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Mortgages stay low, but probably not for long

Polyana da Costa

Mortgage rates have stayed down after reaching a four-month low last week, as investors kept their eyes on the Federal Reserve.

30 year fixed rate mortgage 3 month trend

But don't get used to the trend. The rate on the most popular type of loan is expected to march to 5 percent next year and the volume of loans from homeowners refinancing their loans could drop by more than 50 percent, according to a forecast released by the Mortgage Bankers Association this week.

The benchmark 30-year fixed-rate mortgage was 4.27 percent, same as last week, according to the Bankrate.com national survey of large lenders. The mortgages in this week's survey had an average total of 0.32 discount and origination points. One year ago, that rate stood at 3.57 percent. Four weeks ago, it was 4.41 percent.

The benchmark 15-year fixed-rate mortgage rose to 3.38 percent from 3.37 percent last week, and the benchmark 5/1 adjustable-rate mortgage fell to 3.26 percent from 3.27 percent. The benchmark 30-year fixed-rate jumbo fell to 4.35 percent from 4.38 percent.

Weekly national mortgage survey

Results of Bankrate.com's Oct. 30, 2013, weekly national survey of large lenders and the effect on monthly payments for a $165,000 loan:
30-year fixed 15-year fixed 5-year ARM
This week's rate: 4.27% 3.38% 3.26%
Change from last week: N/C +0.01 -0.01
Monthly payment: $813.63 $1,169.86 $719.00
Change from last week: N/C +$0.18 -$0.90

The 30-year fixed rate will likely average 4.6 percent in the first quarter of 2014 and climb to 5 percent by the third quarter, according to the MBA forecast. Mortgage rates might start rising when the Federal Reserve announces it will scale back on the bond-purchasing program that has long helped keep mortgage rates artificially low.

"At the end of the day it's really not sustainable to have mortgage financing at 3.5, 4 percent," says Mark Fleming, chief economist for Corelogic. "Rates have been subsidized in some way but that subsidy is being removed and the cost of financing housing will rise. We can't stay down at this level indefinitely."

The Fed will push mortgage rates up next year

The mere hint that the Fed was preparing to cut back on the stimulus program was enough to make rates spike over the summer. Mortgage rates climbed by more than a percentage point after Fed Chairman Ben Bernanke said in May that the central bank could slow the pace of bond purchases this year.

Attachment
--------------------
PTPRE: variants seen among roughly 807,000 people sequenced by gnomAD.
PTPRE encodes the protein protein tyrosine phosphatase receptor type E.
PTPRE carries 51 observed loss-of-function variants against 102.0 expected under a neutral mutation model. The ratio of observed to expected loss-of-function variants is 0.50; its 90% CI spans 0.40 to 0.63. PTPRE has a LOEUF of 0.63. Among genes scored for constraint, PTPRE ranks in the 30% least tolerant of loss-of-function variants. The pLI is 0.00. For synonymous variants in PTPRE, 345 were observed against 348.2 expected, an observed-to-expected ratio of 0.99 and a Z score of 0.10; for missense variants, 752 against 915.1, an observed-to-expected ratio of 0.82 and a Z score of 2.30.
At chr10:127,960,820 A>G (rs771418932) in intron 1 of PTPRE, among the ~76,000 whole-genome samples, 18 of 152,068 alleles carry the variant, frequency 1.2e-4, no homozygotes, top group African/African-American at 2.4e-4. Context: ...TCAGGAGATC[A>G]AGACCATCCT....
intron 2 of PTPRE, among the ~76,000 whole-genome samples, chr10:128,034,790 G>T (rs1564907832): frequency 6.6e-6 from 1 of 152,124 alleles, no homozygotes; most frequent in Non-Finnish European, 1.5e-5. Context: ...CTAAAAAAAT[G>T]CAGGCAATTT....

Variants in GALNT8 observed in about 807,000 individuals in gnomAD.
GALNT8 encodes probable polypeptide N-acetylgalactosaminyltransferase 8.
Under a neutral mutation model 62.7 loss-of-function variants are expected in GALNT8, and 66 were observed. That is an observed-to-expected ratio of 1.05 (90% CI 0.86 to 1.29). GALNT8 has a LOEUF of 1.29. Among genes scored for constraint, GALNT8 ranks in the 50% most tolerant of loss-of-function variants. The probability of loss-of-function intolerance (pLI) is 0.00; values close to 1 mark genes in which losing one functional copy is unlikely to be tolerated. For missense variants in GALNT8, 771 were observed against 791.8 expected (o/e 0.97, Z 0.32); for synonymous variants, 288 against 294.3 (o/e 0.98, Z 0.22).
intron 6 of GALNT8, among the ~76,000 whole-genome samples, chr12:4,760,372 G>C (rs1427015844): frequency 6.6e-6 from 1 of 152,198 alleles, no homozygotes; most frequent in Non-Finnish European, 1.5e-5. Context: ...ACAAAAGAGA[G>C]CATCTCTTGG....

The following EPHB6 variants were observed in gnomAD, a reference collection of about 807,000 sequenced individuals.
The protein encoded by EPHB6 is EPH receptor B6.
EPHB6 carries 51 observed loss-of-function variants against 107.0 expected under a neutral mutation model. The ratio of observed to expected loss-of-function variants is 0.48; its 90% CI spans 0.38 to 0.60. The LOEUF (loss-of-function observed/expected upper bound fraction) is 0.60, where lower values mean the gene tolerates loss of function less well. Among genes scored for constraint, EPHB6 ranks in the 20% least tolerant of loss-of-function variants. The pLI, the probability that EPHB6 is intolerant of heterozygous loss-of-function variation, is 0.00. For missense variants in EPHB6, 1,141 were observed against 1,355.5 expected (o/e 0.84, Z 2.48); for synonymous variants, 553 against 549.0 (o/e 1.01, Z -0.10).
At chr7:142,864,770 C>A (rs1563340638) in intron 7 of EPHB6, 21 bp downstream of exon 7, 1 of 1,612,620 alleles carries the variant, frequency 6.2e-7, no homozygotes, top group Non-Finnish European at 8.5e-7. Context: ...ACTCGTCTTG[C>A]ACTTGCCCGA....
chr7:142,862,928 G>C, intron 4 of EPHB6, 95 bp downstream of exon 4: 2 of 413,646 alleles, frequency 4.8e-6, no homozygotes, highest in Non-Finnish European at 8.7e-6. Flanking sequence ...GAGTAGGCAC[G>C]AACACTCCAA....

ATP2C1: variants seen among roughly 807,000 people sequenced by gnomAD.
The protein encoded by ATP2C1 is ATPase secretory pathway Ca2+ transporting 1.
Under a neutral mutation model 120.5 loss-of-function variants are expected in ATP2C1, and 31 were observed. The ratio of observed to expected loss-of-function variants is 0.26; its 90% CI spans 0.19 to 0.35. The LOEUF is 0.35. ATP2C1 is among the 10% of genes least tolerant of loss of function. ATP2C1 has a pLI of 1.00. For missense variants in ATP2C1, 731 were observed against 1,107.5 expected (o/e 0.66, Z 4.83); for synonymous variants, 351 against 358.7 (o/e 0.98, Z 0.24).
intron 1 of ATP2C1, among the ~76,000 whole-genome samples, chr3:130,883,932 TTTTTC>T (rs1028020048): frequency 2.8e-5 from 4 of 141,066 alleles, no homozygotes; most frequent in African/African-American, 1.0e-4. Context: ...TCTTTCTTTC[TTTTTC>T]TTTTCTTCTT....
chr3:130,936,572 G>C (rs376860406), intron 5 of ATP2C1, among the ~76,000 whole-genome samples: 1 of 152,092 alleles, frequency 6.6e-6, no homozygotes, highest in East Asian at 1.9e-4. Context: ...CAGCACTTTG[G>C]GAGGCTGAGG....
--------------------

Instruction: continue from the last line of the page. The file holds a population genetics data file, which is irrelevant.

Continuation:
The Fed has held off on that plan because the economy hasn't performed as well as expected. The central bank will likely begin tapering the $85-billion-per-month stimulus program in early 2014, says Michael Fratantoni, MBA's vice president of single-family research. Rates won't jump another percentage point when the Fed announces the tapering, but they will rise, he says.

"It's the announcement that's going to have the most impact," he says. "When they actually start reducing the purchases we expect almost no impact on rates."

Once the Fed pulls back on the stimulus, rates could quickly rise back to where they were about two months ago, says Brian Koss, executive vice president for Mortgage Network in Danvers, Mass. In August, the 30-year fixed averaged 4.62 percent; in October, it averaged 4.35 percent.

Refinances dry up

As a result of higher interest rates, fewer homeowners will refinance their mortgages. The volume of refinance originations nationwide will drop to about $463 billion in 2014 from more than $1 trillion this year, according to the MBA forecast.

While the drastic reduction of refinances is bad news for banks, it may benefit homebuyers as lenders shift their focus to the purchase market, Fleming says.

"As refis go away and there's more demand on the purchase side, if you (as a lender) want to fill your capacity, there's more pressure now to expand that credit box," he says. "And the primary way to do it would be to relieve the credit score criteria a little bit."

Lenders may hesitate to loosen credit score requirements in early 2014 because of stricter mortgage regulations that go into effect in January. The rules created by the Consumer Financial Protection Bureau put more pressure on lenders to verify a borrower's ability to repay the loan. But eventually lenders will adapt to the new reality of the mortgage market, Fleming says.

The volume of loans to homebuyers will increase about 9 percent as home prices and sales continue their upward trend, the MBA predicts.

Borrowers should act now

If you are planning to get a mortgage to buy a home or think you could still save with a refinance, you should lock a rate as soon as you are comfortable with the numbers, Koss says.

"The volatility is so tremendous and you've gotten gains that weren't expected," he said of the recent decline in mortgage rates. "This is Christmas. Wrap the present and take it to your room.".

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